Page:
Autoantibodies have been shown to bind to the C2 domain of factor VIII, thereby inhibiting binding to phospholipids and von Willebrand factor. The autoantibodies also hinder the cleavage of the factor VIII-von Willebrand factor complex by thrombin, so factor VIIIa, the activated form of factor VIII isn't produced. Only factor VIIIa is able to interact with factor IXa .
Because the triggers of the autoimmune reaction underlying AHA remain unknown, no recommendations can be given to prevent the production of antibodies against factor VIII.
AHA patients at high risk for bleeding should receive prophylactic hemostatic therapy. This may apply to those requiring surgery, although invasive procedures should be avoided whenever possible, to peripartal women, and patients diagnosed with other disorders implicating blood loss, such as gastric ulcers  .
AHA is an autoimmune disease characterized by the production of antibodies against coagulation factor VIII. The inactivation of factor VIII results in the disruption of the intrinsic pathway of coagulation and induces a hemorrhagic diathesis. The disease is most frequently diagnosed in elderly patients with comorbidities such as other autoimmune disorders and cancer, but it may also affect women in the peripartal phase. The severity of bleedings at presentation varies, but all AHA patients are considered at risk of life-threatening hemorrhages until remission is achieved. AHA therapy is based on controlling and preventing hemorrhages, eradicating the inhibitor, and treating the underlying disease .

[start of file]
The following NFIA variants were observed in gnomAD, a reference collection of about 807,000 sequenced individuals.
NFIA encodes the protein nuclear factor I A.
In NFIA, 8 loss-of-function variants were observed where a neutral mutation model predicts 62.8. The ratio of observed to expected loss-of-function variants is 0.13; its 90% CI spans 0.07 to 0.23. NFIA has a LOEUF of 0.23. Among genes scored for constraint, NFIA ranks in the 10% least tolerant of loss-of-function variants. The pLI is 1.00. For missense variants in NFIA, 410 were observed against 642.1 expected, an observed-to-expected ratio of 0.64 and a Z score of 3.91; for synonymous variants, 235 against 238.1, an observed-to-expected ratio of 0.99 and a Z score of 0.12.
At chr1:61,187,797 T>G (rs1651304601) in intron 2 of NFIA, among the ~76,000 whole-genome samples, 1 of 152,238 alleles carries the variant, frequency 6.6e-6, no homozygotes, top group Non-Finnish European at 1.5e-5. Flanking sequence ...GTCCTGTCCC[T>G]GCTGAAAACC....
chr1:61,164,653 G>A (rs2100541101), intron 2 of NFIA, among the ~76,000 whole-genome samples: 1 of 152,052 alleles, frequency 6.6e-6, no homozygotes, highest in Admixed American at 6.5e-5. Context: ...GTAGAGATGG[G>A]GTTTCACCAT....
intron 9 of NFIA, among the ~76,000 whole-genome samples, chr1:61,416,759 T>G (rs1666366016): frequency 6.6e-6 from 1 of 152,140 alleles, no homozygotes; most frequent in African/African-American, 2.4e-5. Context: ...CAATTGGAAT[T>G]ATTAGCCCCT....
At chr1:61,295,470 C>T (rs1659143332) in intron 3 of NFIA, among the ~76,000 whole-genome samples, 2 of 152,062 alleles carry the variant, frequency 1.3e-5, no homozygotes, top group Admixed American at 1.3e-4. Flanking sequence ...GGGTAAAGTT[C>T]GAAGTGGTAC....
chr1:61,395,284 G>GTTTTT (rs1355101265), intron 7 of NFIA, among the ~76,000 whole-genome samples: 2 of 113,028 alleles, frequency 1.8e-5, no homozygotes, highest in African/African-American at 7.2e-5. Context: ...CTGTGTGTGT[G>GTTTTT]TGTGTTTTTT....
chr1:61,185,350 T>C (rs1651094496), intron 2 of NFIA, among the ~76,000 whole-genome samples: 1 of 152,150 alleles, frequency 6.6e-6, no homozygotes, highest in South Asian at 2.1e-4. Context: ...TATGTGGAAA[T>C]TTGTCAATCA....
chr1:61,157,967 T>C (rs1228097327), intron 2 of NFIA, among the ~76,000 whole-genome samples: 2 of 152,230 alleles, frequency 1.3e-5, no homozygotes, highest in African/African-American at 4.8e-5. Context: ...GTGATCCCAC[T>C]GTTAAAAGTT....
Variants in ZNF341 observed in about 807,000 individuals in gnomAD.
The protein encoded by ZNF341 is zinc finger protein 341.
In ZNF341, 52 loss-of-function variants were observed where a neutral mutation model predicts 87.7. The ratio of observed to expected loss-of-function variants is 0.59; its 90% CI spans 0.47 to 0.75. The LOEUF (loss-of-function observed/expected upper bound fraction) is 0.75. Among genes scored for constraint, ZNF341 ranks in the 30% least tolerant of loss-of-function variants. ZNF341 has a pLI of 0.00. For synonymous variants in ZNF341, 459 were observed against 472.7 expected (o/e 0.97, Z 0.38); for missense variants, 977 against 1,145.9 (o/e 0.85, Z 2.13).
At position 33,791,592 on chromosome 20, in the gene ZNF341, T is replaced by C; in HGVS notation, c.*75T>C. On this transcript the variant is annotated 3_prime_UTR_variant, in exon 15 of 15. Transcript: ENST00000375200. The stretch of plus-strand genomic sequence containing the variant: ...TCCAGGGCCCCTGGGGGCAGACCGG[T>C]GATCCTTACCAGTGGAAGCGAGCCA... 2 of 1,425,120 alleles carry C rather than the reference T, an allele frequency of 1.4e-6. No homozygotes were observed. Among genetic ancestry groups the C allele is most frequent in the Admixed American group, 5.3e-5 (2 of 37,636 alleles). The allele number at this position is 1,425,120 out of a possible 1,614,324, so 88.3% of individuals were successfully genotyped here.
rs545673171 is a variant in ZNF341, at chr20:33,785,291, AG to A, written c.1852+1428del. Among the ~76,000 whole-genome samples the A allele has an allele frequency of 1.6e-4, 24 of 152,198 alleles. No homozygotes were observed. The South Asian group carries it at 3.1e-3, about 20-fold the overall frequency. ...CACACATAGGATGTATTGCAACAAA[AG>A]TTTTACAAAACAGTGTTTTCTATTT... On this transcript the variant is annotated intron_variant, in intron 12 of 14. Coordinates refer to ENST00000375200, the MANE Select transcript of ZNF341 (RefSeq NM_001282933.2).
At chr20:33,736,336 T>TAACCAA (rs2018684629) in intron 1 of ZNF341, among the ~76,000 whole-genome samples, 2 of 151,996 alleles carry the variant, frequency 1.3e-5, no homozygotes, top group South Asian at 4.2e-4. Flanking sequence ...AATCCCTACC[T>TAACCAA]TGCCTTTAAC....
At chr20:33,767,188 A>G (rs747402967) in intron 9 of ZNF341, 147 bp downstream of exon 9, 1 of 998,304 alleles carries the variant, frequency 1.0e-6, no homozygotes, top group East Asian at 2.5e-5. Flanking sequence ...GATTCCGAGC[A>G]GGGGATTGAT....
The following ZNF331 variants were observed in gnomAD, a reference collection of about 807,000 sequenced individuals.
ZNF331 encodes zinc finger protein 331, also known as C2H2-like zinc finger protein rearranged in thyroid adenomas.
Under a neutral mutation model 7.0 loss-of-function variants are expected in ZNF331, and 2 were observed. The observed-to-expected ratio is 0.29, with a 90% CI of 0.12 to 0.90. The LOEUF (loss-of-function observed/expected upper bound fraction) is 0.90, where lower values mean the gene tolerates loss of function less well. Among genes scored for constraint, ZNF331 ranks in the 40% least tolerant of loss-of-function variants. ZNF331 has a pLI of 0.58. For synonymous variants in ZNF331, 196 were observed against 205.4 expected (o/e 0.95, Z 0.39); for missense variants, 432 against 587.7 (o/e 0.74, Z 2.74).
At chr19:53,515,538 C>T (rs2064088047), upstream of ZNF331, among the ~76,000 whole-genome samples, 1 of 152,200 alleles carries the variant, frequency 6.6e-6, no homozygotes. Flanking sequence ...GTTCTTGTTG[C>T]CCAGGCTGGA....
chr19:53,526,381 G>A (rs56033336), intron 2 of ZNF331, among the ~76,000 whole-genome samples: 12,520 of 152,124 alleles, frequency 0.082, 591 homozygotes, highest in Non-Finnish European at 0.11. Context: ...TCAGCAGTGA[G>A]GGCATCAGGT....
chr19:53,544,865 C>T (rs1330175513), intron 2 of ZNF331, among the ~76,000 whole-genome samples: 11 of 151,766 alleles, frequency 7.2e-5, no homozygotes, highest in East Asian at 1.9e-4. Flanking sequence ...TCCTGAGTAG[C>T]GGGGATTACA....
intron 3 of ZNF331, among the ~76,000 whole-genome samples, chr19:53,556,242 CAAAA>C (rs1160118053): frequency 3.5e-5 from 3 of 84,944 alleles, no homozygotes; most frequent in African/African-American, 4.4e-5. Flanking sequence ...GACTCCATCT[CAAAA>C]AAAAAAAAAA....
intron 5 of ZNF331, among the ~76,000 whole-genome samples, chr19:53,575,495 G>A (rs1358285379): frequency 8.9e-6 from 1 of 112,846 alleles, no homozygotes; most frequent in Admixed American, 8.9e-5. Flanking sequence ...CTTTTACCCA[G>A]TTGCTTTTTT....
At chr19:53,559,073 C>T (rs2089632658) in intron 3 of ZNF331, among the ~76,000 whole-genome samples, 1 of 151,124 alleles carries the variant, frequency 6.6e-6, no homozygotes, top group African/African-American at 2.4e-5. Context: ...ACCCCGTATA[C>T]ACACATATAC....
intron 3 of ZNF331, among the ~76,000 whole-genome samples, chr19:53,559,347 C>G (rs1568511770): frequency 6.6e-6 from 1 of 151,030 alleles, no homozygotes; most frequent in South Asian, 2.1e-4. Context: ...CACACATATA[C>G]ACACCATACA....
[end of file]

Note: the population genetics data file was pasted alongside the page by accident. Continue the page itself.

Of note, autoimmune AHA should be distinguished from the condition induced by the formation of alloantibodies against exogenous factor VIII, which may be administered to treat congenital hemophilia A . The clinical presentation is different .
Homeostasis may be defined as the delicate balance between blood clotting and anticoagulation. It is maintained by a complex network of factors and may be inclined to either side if circumstances so require. Coagulation factor VIII is part of this network and is a component of the so-called intrinsic pathway of coagulation. In its absence, blood clotting is inhibited, and patients may suffer extensive, potentially life-threatening hemorrhages. This condition may be congenital, i.e., those who inherited defective genes are unable to synthesize functional factor VIII. On the other hand, activity levels of factor VIII may be decreased if the patient's body starts producing antibodies against it. This is referred to as acquired deficiency of factor VIII or acquired hemophilia A (AHA), and it's an autoimmune disease.
The triggers of AHA remain unknown, but individuals suffering from other autoimmune disorders, such as rheumatoid arthritis or systemic lupus erythematosus, or cancer, seem to be predisposed to AHA. Similarly, pregnant women and those who recently gave birth are at increased risks of developing AHA. The disease typically manifests in a spontaneous bleeding event: Patients suddenly develop large bruises, hematoma, or present with mucosal bleedings of the upper respiratory tract (nosebleeds), oral cavity (bleeding gums), urogenital tract (bloody urine) or digestive system (bloody stools).
In the first place, treatment aims at arresting the hemorrhage and compensating for blood loss, so pro-coagulatory drugs may be administered, and the patient may receive blood transfusions. Still, affected individuals remain at risk of additional bleeding events as long as the autoantibody against factor VIII persists. Immunosuppressive therapy is employed to halt the underlying immune reaction, and cure can be achieved in the majority of patients. Finally, if the patient is diagnosed with a primary disease such as rheumatoid arthritis or cancer, they should receive adequate treatment for it.